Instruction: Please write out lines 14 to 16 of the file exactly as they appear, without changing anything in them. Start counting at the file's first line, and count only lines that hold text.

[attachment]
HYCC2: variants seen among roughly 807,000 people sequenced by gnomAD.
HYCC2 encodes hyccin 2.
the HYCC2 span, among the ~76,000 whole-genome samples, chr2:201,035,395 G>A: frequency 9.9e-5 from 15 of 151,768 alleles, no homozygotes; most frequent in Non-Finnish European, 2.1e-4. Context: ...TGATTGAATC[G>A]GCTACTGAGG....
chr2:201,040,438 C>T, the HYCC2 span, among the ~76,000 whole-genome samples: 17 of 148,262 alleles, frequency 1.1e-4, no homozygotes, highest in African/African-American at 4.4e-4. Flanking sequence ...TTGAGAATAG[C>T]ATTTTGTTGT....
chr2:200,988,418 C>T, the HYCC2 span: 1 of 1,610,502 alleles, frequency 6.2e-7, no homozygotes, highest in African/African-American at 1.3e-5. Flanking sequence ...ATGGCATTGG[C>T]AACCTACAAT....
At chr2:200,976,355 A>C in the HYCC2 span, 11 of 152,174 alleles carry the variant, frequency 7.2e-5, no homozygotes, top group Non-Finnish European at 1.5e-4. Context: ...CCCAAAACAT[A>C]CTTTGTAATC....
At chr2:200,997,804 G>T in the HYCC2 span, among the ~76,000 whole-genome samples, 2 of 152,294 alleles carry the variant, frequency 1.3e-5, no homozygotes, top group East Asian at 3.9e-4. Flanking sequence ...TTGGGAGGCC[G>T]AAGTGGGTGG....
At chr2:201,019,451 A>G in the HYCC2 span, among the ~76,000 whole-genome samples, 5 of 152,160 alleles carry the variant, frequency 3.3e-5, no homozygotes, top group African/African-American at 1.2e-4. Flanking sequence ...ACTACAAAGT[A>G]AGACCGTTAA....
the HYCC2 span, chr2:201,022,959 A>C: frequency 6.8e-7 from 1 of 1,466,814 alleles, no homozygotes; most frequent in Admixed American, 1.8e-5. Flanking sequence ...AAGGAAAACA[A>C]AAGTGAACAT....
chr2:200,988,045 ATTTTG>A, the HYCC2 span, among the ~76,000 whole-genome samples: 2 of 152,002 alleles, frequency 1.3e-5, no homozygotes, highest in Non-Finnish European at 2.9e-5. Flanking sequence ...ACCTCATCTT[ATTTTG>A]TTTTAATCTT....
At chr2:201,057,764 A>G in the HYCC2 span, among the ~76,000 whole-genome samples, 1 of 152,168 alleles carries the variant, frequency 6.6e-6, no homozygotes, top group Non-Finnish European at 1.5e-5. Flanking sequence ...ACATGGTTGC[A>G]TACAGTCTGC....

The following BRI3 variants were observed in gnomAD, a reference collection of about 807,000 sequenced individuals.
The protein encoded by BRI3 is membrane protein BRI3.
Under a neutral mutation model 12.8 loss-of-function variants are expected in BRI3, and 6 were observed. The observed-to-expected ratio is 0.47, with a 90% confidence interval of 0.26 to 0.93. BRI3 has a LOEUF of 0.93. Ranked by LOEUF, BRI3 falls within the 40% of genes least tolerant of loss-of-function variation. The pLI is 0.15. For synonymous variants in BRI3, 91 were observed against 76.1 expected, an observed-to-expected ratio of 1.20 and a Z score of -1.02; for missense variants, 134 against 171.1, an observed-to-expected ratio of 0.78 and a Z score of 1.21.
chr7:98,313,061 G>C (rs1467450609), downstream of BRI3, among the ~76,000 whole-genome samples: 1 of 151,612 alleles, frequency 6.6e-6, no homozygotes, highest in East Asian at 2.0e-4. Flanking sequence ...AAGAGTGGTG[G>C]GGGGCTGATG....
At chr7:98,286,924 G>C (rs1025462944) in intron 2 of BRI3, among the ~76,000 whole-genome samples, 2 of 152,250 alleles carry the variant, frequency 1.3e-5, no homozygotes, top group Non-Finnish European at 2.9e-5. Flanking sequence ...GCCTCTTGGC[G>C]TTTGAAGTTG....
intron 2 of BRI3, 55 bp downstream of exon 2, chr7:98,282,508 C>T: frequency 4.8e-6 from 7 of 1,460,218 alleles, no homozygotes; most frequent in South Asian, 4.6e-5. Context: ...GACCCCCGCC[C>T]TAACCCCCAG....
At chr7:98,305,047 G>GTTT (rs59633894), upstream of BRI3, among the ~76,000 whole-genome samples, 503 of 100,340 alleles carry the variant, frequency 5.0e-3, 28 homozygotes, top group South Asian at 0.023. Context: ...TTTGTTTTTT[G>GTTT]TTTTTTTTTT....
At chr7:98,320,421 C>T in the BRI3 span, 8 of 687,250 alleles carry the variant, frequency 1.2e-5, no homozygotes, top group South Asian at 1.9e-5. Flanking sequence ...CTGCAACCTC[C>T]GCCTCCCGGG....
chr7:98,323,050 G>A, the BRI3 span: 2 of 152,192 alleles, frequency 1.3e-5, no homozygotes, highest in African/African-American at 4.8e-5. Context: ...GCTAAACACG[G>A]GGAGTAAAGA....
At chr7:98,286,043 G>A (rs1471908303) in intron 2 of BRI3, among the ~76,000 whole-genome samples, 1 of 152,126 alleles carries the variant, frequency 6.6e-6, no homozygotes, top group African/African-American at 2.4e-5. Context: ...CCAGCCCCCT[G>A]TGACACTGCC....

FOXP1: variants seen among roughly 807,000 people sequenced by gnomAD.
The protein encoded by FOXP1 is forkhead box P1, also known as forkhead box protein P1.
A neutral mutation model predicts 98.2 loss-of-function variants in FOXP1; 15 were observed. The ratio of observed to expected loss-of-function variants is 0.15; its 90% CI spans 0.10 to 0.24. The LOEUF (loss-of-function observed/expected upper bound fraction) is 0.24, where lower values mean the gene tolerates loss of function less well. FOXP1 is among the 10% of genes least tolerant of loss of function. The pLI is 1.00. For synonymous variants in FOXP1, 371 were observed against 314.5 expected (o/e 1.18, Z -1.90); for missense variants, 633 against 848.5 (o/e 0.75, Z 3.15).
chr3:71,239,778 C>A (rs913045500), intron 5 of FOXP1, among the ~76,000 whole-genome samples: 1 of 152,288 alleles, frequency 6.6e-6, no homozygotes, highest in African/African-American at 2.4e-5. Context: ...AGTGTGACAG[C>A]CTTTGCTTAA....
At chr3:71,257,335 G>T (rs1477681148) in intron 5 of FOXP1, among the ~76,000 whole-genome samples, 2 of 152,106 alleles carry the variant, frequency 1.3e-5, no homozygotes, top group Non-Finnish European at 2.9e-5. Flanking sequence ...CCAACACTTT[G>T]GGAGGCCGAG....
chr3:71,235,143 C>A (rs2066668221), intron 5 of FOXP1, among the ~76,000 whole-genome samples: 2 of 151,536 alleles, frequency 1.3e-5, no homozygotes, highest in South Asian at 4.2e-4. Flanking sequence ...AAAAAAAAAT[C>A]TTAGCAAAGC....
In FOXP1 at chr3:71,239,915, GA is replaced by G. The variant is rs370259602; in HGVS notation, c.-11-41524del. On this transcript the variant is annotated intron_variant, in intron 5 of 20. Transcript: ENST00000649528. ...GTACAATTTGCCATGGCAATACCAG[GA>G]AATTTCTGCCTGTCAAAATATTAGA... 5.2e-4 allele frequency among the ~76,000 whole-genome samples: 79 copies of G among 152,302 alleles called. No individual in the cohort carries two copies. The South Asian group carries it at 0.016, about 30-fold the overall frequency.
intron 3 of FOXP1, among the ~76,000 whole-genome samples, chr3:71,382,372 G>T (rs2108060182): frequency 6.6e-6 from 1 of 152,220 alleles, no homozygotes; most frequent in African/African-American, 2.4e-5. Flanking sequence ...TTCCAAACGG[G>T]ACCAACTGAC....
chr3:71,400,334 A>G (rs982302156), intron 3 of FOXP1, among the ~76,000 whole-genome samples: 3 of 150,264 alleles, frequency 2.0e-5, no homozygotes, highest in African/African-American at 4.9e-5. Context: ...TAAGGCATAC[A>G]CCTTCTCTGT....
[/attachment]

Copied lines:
Under a neutral mutation model 12.8 loss-of-function variants are expected in BRI3, and 6 were observed. The observed-to-expected ratio is 0.47, with a 90% confidence interval of 0.26 to 0.93. BRI3 has a LOEUF of 0.93. Ranked by LOEUF, BRI3 falls within the 40% of genes least tolerant of loss-of-function variation. The pLI is 0.15. For synonymous variants in BRI3, 91 were observed against 76.1 expected, an observed-to-expected ratio of 1.20 and a Z score of -1.02; for missense variants, 134 against 171.1, an observed-to-expected ratio of 0.78 and a Z score of 1.21.
chr7:98,313,061 G>C (rs1467450609), downstream of BRI3, among the ~76,000 whole-genome samples: 1 of 151,612 alleles, frequency 6.6e-6, no homozygotes, highest in East Asian at 2.0e-4. Flanking sequence ...AAGAGTGGTG[G>C]GGGGCTGATG....
At chr7:98,286,924 G>C (rs1025462944) in intron 2 of BRI3, among the ~76,000 whole-genome samples, 2 of 152,250 alleles carry the variant, frequency 1.3e-5, no homozygotes, top group Non-Finnish European at 2.9e-5. Flanking sequence ...GCCTCTTGGC[G>C]TTTGAAGTTG....